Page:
Inside Media: Politics and the Internet

October 19, 2008

Guest: Jose Antonio Vargas

Over the summer, Pulitzer Prize-winning journalist Jose Antonio Vargas got an exclusive look inside Sen. Barack Obama’s campaign headquarters while researching "Triple O,' short for Obama’s online operation. A plum assignment for most reporters — it’s all in a day’s work for Vargas.

For two years, he has covered the convergence of the Internet and politics for The Washington Post. Aside from learning how the Obama camp uses the Web to communicate to voters, Vargas spent two weeks "trying to figure out who really edits Wikipedia.' He even scored an interview with Phillip de Vellis, who created the infamous YouTube ad portraying Sen. Hillary Clinton as a personal computer and Obama as a Mac.

The Web, according to Vargas, is rich with information about the 2008 election.
"If you want to find out what John McCain or Obama’s stance is on any given issue, go online and drown in the information. If you really want to figure out what’s true and what’s not, Google it,' he said.

Within the last year the Internet has driven much of the political coverage — some of it good, bad and hilarious.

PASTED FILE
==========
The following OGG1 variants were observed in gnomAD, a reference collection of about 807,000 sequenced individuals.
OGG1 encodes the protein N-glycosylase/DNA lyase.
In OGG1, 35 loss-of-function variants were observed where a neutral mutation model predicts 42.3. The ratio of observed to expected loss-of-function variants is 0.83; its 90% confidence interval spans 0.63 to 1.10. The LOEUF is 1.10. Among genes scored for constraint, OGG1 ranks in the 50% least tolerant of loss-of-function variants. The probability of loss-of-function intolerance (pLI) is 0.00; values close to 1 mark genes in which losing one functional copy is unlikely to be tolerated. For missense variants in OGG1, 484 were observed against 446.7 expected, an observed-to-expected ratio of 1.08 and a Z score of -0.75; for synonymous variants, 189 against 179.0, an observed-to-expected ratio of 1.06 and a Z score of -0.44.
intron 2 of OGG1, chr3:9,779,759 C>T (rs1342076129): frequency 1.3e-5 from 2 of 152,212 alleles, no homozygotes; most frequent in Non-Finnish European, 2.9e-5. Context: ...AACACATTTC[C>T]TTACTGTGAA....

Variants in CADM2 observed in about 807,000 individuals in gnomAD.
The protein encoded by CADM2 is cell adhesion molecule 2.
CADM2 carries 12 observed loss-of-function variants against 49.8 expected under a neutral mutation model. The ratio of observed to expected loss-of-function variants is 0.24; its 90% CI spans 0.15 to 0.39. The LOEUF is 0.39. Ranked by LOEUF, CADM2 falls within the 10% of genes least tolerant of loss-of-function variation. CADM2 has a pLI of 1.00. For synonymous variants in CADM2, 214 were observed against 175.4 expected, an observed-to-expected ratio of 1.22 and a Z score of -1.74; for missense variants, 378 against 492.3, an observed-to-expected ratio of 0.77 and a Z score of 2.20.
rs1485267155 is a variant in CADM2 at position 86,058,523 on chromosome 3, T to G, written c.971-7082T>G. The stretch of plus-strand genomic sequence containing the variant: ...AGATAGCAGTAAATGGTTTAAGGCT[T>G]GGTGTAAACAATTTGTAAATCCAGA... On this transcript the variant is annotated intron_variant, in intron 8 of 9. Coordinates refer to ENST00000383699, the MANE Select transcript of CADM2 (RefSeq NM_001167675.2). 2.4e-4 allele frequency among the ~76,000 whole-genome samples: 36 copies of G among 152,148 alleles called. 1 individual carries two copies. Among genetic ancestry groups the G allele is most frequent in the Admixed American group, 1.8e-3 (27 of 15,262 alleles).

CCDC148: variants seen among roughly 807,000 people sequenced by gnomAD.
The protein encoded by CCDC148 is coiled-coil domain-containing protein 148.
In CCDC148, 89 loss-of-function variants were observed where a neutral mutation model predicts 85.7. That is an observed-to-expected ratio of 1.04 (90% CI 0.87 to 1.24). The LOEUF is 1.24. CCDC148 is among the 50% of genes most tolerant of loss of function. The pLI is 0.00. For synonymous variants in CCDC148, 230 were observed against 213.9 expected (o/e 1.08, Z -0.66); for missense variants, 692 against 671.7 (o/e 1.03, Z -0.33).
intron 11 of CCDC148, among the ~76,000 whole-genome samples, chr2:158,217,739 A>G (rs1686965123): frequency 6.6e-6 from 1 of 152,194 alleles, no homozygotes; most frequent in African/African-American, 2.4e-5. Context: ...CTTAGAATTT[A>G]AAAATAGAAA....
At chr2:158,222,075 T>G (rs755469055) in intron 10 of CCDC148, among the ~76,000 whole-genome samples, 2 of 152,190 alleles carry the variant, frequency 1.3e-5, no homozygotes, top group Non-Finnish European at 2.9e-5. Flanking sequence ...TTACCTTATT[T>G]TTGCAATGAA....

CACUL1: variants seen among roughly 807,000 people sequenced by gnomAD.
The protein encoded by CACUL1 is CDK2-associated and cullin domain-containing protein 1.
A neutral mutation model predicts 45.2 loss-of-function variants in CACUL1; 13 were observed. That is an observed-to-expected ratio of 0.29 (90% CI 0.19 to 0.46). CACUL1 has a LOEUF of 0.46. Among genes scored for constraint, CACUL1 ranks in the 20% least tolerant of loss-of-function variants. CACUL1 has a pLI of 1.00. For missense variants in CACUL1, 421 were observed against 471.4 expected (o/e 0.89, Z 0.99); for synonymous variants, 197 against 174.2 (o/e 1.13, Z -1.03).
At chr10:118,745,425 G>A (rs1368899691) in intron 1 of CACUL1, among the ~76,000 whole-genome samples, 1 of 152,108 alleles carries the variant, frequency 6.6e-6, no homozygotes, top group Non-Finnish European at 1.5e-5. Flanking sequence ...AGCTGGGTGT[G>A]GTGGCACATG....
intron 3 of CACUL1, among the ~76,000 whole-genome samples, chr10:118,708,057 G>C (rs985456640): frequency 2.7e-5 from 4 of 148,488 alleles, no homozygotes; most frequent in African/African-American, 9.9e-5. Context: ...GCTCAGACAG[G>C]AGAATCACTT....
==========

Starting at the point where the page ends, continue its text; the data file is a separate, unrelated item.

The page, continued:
Vargas noted that the video in which Rev. Jeremiah Wright condemns America hit the Web and then landed "all over cable news.' In addition, Obama’s 37-minute speech on race remains the most viewed YouTube video posted by a candidate. Actress and comedian Tina Fey’s impersonations of Gov. Sarah Palin on "Saturday Night Live' have also become a real hit.

"On nbcnews.com alone, the Fey/Palin videos have been viewed 12 million times,' Vargas added.

While it appears the Web is outpacing television as the source for news and information, Vargas said, "The press as we know it has been governed by images and sound bites. I think we’re transitioning away from the era of sound bites, but is it a good thing?'

He added, "I think the more information, the better.'

"The way we interact with news has fundamentally changed,' Vargas said. "People want to talk back. People want to feel as if they’re represented.'

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